Where the great Cate Blanchett goes, generally adventure promises to follow, even if the vehicle is the lukewarm, late-summer dramedy Where’d You Go, Bernadette. The Oscar-winning Aussie consistently inhabits every role she undertakes with tremendous force and, paradoxically, abandon. If she believes in the journey of the person she’s portraying, the audience most likely will believe, too. That movie star magnetism didn’t necessarily sell Blanchett’s crystal skull-wielding Soviet agent in the Spielberg sequel that shall not be named, but her committed performance is practically enough to make an audience believe in Where’d You Go, Bernadette (★★★), based on the 2012 best-seller by Maria Semple.
As well-to-do Seattle wife, mom, and relative recluse Bernadette Fox, Blanchett channels a woman spiraling slowly, then all too quickly, towards emotional and social breakdown. Swooping around as the pushiest parent at the private school attended by daughter Bee (Emma Nelson), Bernadette has allowed her gumption to curdle into abrasiveness. A former wunderkind architect who retreated utterly from her professional life, she might be suffering some form of social anxiety, or it might be a case of that vague, psychic fatigue that often plagues the bright but unfulfilled heroines of these cinematic Eat, Pray, Love excursions.
Directed by Richard Linklater, Bernadette snuggles into place within a fairly reliable sub-genre — traceable past Eat, Pray, Love, Under the Tuscan Sun, How Stella Got Her Groove Back to at least as far back as the 1989 hit Shirley Valentine. Call them “Mom’s last hurrah before the school year starts,” and pencil one in for August, or to drift down with the autumn leaves, to chart the creative and/or sexual awakening of a woman of experience, who’s just been feeling constricted lately. Of course, “Mom’s last hurrah” movies aren’t just for moms, they’re for all of us — although uncommunicative husbands and boyfriends might not feel so well-represented by the genre.
Bernadette’s neglectful spouse is tech wizard Elgie (played by aging-like-fine-wine Billy Crudup), a Microsoft bigwig who seems distracted but not uncaring. The couple’s failures to connect are depicted with deft simplicity in one well-acted sequence cross-cutting between Bernadette and Elgie’s very different assessments of the twenty years they’ve lived in Seattle. At other times, their malaise seems based on the sort of contrived movie misunderstandings that normal adults could clear up in a few sentences. Linklater, who co-wrote the script with Holly Gent and Vince Palmo, awkwardly intersperses chilly, dramatic scenes of Bernadette and Elgie’s marital discord among scenes of her more comedic clashes with the snooty moms at Bee’s school, led by next-door neighbor Audrey (Kristen Wiig).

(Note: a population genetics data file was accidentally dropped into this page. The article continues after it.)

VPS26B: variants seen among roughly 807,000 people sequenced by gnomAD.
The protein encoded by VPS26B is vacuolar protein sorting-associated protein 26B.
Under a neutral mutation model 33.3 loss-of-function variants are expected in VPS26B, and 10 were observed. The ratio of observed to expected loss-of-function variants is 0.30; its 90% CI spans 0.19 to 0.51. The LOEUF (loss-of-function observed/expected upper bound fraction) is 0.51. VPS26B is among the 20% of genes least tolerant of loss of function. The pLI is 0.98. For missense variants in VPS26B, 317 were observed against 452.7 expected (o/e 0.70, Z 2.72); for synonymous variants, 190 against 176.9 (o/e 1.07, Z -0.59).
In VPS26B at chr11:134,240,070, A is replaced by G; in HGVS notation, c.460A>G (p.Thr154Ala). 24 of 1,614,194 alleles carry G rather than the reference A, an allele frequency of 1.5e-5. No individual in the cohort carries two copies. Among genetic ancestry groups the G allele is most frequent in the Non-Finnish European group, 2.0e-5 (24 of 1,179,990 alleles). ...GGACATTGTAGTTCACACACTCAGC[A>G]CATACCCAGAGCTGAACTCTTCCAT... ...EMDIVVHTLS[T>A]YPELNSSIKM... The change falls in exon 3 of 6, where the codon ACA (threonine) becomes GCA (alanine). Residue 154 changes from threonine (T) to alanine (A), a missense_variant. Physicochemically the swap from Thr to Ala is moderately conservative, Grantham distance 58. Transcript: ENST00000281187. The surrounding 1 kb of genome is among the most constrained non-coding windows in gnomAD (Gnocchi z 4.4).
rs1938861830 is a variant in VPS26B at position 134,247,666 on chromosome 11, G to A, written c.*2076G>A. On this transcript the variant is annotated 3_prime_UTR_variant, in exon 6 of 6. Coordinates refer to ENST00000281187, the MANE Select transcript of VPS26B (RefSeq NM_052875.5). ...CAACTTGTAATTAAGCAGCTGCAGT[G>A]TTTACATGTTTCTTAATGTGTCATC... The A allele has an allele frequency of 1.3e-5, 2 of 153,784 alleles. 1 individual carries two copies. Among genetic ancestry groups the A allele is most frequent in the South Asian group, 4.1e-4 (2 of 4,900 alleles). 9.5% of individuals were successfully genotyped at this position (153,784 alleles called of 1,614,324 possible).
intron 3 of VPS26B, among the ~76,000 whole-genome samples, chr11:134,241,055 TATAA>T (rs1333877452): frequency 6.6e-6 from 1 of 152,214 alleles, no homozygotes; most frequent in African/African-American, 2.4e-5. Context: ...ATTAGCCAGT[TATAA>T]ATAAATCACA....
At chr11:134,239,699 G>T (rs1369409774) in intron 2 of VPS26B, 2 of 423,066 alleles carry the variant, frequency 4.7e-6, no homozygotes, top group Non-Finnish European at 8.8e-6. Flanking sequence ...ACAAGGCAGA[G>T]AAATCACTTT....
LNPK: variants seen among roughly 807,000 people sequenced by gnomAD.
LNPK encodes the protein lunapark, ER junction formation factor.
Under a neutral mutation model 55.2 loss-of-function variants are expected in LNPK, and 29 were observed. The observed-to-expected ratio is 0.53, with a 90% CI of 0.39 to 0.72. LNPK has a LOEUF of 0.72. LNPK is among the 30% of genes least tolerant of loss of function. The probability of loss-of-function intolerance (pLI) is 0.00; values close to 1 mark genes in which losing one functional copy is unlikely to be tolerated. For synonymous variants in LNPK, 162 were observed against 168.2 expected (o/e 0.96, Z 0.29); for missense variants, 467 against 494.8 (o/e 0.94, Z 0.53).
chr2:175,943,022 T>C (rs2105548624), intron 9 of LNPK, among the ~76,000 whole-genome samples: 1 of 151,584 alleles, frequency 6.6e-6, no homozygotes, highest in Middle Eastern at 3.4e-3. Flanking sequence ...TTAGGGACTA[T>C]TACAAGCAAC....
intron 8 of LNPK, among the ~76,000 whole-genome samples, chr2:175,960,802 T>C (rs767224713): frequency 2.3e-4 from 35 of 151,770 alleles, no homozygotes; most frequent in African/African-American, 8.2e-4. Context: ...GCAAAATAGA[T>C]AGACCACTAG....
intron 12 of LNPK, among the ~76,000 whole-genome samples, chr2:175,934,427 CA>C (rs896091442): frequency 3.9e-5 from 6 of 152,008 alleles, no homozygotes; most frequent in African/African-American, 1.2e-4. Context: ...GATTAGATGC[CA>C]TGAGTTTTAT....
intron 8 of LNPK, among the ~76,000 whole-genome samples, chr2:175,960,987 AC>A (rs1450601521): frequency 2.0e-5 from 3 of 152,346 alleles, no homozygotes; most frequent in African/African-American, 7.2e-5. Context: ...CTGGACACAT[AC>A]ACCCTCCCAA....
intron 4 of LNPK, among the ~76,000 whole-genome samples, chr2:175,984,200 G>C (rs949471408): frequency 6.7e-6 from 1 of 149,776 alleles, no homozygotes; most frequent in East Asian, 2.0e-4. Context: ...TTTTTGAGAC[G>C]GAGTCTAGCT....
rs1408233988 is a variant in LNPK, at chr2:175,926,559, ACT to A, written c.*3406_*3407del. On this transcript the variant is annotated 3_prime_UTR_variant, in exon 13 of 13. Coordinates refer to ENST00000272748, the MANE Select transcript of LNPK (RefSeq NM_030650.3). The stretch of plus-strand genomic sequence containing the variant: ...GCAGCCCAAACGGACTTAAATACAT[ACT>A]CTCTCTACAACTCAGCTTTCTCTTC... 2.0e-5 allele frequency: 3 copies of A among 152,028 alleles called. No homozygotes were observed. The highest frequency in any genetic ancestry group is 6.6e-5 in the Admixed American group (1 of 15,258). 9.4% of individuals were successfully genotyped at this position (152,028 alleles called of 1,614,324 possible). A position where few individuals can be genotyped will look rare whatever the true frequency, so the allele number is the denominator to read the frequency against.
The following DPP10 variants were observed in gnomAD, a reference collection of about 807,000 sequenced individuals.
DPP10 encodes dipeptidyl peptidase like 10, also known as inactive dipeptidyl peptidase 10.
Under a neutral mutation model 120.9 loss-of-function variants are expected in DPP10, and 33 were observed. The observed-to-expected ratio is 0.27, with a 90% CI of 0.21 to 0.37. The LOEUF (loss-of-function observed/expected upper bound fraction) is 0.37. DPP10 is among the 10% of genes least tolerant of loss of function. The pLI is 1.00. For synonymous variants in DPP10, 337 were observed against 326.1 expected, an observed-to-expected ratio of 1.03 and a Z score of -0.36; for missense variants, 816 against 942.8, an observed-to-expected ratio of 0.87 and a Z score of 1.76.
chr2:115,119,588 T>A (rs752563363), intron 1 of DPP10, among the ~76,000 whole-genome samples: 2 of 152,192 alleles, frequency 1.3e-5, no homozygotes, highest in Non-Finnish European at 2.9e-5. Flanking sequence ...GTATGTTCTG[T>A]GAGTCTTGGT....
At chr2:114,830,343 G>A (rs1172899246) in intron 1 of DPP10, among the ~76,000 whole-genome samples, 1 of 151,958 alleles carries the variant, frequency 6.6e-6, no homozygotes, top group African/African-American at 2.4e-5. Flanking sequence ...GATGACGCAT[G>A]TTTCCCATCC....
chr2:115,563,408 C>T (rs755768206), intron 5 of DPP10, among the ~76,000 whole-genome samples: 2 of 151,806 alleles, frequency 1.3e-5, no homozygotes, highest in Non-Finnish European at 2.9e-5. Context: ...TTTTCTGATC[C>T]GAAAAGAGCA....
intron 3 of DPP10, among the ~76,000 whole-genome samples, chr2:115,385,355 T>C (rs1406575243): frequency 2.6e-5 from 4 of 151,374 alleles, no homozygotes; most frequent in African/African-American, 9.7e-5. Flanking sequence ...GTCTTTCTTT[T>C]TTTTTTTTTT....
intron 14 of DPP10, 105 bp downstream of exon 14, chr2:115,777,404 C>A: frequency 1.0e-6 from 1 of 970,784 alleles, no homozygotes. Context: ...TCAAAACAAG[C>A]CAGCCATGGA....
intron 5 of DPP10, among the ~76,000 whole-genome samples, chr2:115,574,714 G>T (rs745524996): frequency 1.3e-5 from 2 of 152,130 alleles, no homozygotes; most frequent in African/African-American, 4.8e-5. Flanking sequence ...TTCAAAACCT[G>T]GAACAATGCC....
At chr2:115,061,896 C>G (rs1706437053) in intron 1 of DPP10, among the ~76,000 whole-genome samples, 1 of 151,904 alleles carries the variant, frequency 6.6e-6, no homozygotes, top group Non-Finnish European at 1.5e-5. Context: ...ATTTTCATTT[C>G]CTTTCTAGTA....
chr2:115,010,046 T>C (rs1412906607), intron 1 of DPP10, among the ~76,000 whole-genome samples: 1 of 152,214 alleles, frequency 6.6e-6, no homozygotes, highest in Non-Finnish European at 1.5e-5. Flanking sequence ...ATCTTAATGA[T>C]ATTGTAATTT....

Blanchett and Wiig, performers with very different acting styles, are an odd-couple onscreen pairing that oddly works. The feud between Bernadette and Audrey, abetted by the shenanigans of Audrey’s mean-mom lieutenant Soo-Lin (Zoë Chao), escalates along totally predictable lines, but it’s still funny.
Less funny, and even more predictable, the film’s back half, takes off with Bernadette in search of the self she forgot. But, rather than jaunting to the hot, tempting climes of Tuscany or Greece, Bernadette chases a dream to the South Pole, or to somewhere close, that’s definitely not warm. She gets suspiciously far on her ability to persuade anyone who might stand in her way how much she really, really needs this. And she leaves behind in the Emerald City not just Elgie and the therapist, Dr. Kurtz (Judy Greer), that he’d turned to in an effort to get through to his wife, but she leaves behind her dear daughter Bee.
The film might waste Megan Mullally and Laurence Fishburne, among others, in flat cameos, but the casting really pays off in the mother-daughter chemistry between Blanchett and Nelson as Bernadette and Bee. The only character whose point-of-view matters as much in the film as Bernadette’s, Bee projects a touching affection for her mom, and a fierce determination to protect her from anyone who would diminish her. Their devotion to each other survives Bernadette’s vanishing act, and sustains them through what might be the worst separation they might ever face. More than just driving the film’s race-to-the-finish climax, Bee’s beeline search for her mom keeps the movie afloat after the Bernadette-finding-herself plotline has gone dead in the water.
Where’d You Go, Bernadette is rated PG-13, and opens nationwide on Friday, August 16. Visit www.fandango.com.
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Where'd You Go, Bernadette
André Hereford covers arts and entertainment for Metro Weekly. He can be reached at firstname.lastname@example.org. Follow him on Twitter at @here4andre.